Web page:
• Ink. Inkjet or thermal printing process.

  • A note about paper. Make sure that the printer you choose can accommodate the kind of paper you will be using. Some printers can't accommodate heavy weight paper, card stock, transparencies, envelopes, etc.

Copiers

What will you do with it? Do you need to make just a few copies during the course of any given day or do you frequently copy large amounts of material? Do you make lots of copies of one page or do you need to collate several copies of a multi-page document? Do you need color capability?

The main thing to keep in mind when buying a copier for your small office is efficiency. Getting the right copier means getting the copier that will save you time and money. There are many options available with varying features. Here are some features to think about when buying your copier:

Black and White or Color? Color copiers are slower and significantly more expensive than black and white copiers in both purchase price and cost per copy. However, if you frequently outsource color copying for sales brochures, promotional literature, or other business projects, then you may actually save money by purchasing a copier that is capable of printing in color.

Duplexing. Duplexing is the ability to print on both sides of the page. Lower priced personal copiers don't often offer this feature, but it may be worth a few extra bucks if this is something that you need. This can also be accomplished by running the paper through the copier again on the other side, but that can take a lot of time and cause a lot of aggravation if you have to do a lot of it.

Paper Handling. You don't want to be constantly refilling paper trays or feeding single sheets through the copier. Look for a copier with a paper capacity of at least 250 sheets - or more. You'll also definitely want a copier with an automatic document feeder that holds at least 30 sheets.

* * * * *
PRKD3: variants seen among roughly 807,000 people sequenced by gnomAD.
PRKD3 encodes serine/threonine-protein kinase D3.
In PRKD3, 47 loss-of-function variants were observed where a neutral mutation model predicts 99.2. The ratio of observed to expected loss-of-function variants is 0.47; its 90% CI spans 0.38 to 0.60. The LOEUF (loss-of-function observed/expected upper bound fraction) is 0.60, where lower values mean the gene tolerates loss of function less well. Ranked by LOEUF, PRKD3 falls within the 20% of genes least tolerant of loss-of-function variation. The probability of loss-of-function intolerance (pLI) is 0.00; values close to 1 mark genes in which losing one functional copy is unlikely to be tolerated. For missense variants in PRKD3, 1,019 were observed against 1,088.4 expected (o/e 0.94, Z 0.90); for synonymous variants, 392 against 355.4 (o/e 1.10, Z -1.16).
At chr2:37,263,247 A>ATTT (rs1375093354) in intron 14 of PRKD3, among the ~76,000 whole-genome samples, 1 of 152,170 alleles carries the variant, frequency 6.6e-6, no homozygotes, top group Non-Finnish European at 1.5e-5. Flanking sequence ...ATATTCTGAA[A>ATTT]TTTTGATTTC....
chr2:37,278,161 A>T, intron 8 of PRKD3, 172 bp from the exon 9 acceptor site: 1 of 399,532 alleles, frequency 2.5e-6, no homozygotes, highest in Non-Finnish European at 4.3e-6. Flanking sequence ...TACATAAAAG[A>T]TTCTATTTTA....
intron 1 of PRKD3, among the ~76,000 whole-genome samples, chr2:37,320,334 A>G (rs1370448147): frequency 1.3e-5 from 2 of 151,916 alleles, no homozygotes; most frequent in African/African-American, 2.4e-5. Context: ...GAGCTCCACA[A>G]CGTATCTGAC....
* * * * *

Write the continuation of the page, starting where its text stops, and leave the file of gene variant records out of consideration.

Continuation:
Collating. Collation involves the arrangement of copies as they are produced. If you frequently make multiple copies of multi-page documents, you may want to invest in a copier that collates. Definitely a time saver.

Copier Versatility. You'll want to be sure to choose a copier that's able to handle a variety of paper sizes and weights and other media, such as transparencies and index cards. If you copy frequently from books or magazines, look for a copier with flatbed capabilities.

Copier Response Time. Copiers that have no warm up time are ideal for small and home offices, where copiers may be sitting idle for hours or days. A copy speed of 18 copies per minute is great, but won't save you any time if you have to wait 5 minutes for the copier to warm up every time you turn it on. Some copiers now offer a first copy time of less than 10 seconds.

Copier Volume. Personal copiers aren't designed for heavy volume so check the copier's recommended monthly usage. If the copier uses a cartridge system, the average number of copies per cartridge yield will tell you how often the unit will need to be replaced. If your intended copying volume is above the recommended usage, you may be better off renting a larger copier designed to cope with heavy loads than buying a personal copier for your office.

Fax Machines